Weather Forecast


Council approves HealthEast naming deal for Woodbury sports center

The Bielenberg Sports Center will become the HealthEast Sports Center, following Woodbury city council's approval of a naming rights deal with the health care system. Youssef Rddad / RiverTown Multimedia file photo

The Bielenberg Sports Center will operate under a new name following the Woodbury City Council’s approval of a sponsorship agreement with HealthEast on Wednesday.

The $1.8 million naming rights deal will see the sports center become the HealthEast Sports Center and will net the city $126,000 annually for 14 years.

As Woodbury’s largest private employer, HealthEast will also have the option to sign a $1.5 million extension for five years when the current contract expires.

City leaders have expressed general support leading up to the Wednesday's decision, saying the added revenue could be used to support programs inside the sports center, as well as bolster the city’s focus on health and wellbeing.

“(The sports center) is the east metro's premier showcase for healthy and active living,” said Woodbury Senior Planner Eric Searles during the meeting. “Staff feel the partnership with HealthEast is a natural fit.”

HealthEast will not hold a space in the building, but the health care chain said it plans to offer pop-up clinics and other educational events focused on topics such as concussion testing and other health screenings.

HealthEast reached a private agreement to take over naming rights from Minnesota United FC, who signed a marketing and sponsorship agreement with the city in 2013, according to a city memo.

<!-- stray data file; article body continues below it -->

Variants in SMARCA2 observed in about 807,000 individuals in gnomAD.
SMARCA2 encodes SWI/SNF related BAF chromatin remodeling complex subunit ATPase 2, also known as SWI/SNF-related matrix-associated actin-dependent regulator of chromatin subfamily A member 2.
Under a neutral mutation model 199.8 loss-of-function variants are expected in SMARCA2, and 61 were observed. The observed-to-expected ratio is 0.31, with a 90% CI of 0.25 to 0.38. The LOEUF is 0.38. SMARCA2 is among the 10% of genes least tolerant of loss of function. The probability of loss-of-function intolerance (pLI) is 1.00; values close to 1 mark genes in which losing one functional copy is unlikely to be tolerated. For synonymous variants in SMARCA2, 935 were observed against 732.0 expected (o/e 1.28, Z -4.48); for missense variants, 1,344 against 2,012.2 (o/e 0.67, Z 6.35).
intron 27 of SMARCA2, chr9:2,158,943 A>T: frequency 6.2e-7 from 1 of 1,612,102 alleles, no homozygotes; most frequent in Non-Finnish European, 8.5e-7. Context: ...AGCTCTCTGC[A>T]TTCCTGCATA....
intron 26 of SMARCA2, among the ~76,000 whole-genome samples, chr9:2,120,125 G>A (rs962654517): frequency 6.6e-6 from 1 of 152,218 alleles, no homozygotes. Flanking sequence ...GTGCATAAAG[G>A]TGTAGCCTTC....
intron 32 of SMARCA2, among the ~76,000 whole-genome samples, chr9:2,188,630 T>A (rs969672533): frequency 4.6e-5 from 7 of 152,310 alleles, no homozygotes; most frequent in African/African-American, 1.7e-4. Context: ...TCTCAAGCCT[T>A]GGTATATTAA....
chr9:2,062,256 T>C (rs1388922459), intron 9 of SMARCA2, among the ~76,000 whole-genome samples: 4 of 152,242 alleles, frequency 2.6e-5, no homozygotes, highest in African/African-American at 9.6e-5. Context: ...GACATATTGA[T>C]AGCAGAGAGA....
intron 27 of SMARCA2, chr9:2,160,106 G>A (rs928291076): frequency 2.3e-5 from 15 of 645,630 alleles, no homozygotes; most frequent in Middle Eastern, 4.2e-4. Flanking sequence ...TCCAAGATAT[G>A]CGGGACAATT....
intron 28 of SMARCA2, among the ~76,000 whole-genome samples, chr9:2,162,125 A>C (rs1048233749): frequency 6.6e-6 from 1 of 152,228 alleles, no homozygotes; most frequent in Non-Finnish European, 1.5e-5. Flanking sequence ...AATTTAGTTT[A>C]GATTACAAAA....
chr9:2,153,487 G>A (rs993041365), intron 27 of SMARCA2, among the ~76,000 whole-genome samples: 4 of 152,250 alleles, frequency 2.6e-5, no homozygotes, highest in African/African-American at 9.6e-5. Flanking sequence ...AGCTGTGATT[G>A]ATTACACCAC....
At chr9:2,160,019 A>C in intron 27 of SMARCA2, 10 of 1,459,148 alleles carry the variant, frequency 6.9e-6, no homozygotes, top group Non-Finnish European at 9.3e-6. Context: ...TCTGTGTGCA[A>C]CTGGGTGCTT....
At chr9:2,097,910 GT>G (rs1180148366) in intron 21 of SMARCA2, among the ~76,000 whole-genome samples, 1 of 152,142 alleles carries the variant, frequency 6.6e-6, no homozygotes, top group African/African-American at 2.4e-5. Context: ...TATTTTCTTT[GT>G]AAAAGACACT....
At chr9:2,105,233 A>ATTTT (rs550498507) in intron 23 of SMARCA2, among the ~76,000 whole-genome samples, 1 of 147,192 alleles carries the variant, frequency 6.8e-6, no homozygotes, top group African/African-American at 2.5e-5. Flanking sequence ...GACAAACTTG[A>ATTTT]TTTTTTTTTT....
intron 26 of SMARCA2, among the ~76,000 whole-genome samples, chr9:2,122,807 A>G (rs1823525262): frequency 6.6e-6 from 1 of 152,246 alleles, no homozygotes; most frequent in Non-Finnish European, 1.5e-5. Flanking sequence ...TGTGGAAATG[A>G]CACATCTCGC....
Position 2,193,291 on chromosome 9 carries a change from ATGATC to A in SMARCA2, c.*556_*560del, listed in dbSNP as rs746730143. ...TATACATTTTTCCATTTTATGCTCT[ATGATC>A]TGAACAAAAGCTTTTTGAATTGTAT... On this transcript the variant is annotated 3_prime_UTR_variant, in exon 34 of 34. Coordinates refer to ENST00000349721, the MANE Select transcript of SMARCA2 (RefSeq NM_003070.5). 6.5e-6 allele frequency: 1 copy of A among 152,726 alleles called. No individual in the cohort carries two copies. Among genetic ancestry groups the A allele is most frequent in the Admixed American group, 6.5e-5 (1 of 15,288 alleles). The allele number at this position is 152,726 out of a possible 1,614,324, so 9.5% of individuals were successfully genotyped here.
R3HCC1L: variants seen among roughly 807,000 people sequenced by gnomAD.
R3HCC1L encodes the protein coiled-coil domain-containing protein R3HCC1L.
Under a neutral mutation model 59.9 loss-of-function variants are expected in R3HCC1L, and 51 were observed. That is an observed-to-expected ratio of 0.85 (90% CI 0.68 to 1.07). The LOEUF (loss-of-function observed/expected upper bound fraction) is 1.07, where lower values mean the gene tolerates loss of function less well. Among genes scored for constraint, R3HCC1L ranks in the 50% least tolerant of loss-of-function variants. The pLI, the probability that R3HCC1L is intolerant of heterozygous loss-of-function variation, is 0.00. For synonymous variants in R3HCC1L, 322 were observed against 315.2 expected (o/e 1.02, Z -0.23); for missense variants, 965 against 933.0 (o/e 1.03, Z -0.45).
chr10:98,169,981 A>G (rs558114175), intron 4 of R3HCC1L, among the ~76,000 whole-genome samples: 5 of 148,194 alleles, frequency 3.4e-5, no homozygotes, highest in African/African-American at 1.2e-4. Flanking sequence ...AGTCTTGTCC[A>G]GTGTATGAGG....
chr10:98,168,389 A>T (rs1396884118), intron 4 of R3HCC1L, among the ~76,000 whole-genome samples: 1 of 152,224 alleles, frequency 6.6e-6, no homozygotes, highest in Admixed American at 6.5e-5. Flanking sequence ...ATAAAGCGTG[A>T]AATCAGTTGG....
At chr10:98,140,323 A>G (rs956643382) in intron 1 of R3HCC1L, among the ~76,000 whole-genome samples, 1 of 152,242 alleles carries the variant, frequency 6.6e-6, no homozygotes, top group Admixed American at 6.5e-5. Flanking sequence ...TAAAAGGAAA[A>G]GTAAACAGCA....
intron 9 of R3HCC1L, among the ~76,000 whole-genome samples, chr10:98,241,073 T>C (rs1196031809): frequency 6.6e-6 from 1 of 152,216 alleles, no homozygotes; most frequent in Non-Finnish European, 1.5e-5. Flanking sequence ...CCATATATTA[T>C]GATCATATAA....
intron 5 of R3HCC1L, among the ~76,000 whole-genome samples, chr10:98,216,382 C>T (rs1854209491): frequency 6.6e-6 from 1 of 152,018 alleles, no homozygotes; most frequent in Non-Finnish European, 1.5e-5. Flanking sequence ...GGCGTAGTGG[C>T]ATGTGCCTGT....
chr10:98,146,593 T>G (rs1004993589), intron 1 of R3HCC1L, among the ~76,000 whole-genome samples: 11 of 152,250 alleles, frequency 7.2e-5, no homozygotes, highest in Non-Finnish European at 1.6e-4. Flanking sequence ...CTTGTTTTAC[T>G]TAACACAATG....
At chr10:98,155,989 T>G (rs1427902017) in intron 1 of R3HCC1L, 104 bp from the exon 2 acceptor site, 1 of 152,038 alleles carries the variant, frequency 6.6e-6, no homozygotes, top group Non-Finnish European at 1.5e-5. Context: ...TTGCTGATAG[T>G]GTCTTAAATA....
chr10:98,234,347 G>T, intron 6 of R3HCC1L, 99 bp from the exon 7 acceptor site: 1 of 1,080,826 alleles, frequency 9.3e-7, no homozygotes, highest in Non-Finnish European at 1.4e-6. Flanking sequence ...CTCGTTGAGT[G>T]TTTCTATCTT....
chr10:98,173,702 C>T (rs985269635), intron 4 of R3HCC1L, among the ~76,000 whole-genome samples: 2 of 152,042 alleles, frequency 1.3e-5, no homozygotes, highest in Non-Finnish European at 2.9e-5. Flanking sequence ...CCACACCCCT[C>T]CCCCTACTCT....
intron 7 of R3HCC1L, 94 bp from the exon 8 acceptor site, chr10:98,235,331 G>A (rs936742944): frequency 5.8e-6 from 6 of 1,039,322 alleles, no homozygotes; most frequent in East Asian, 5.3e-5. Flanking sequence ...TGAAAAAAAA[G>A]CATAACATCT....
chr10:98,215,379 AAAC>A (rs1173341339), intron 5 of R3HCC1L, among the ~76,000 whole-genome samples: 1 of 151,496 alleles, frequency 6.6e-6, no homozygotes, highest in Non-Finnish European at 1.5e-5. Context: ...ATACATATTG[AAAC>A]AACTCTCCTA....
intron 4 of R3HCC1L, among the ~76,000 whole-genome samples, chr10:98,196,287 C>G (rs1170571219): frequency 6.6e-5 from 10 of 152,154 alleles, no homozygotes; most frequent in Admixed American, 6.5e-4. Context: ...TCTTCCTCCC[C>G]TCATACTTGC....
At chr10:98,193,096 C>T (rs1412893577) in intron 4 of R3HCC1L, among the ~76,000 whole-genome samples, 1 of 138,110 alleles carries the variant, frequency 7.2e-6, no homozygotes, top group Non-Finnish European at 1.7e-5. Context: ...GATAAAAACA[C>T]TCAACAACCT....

The state’s professional soccer club intended to use part of the center as it's main training facility but double backed in 2015.

Despite the fallout, the team still maintained its sponsorship agreement with the city and continues to rent the 90,000-square-foot indoor field house for training and practices.

The agreement would also have little impact on Summit Orthopedics, who last summer opened its sports-focused clinic at the facility.

The naming deal, however, didn’t sit well with Woodbury resident Mary Jensen, who asked for council members to further discuss the proposal and hold an open discussion.

She expressed concerns that re-naming the center runs counter to what residents chose when the $22 million sports complex was being planned.

Pointing out the facility continues to make money, Jensen also questioned whether the deal could lead to future naming rights of public places named after Woodbury's history and culture.

"If you agree to this deal, what's next? The John Doe Chiropractic Golf Course, the Bachman's Central Park or the OfficeMax Government Building?" she asked. "You're opening a can of worms."

Searles said Wednesday that the city contacted the Bielenberg family, who expressed support for the agreement.

He also pointed to Bielenberg Gardens -- a development site located across the street from the sports center -- as one of the several places the family’s legacy is honored in the city.

The city also plans to honor the family’s name in future areas within the sports center.

The City Council plans to discuss where they will allocate the new funds at a later date.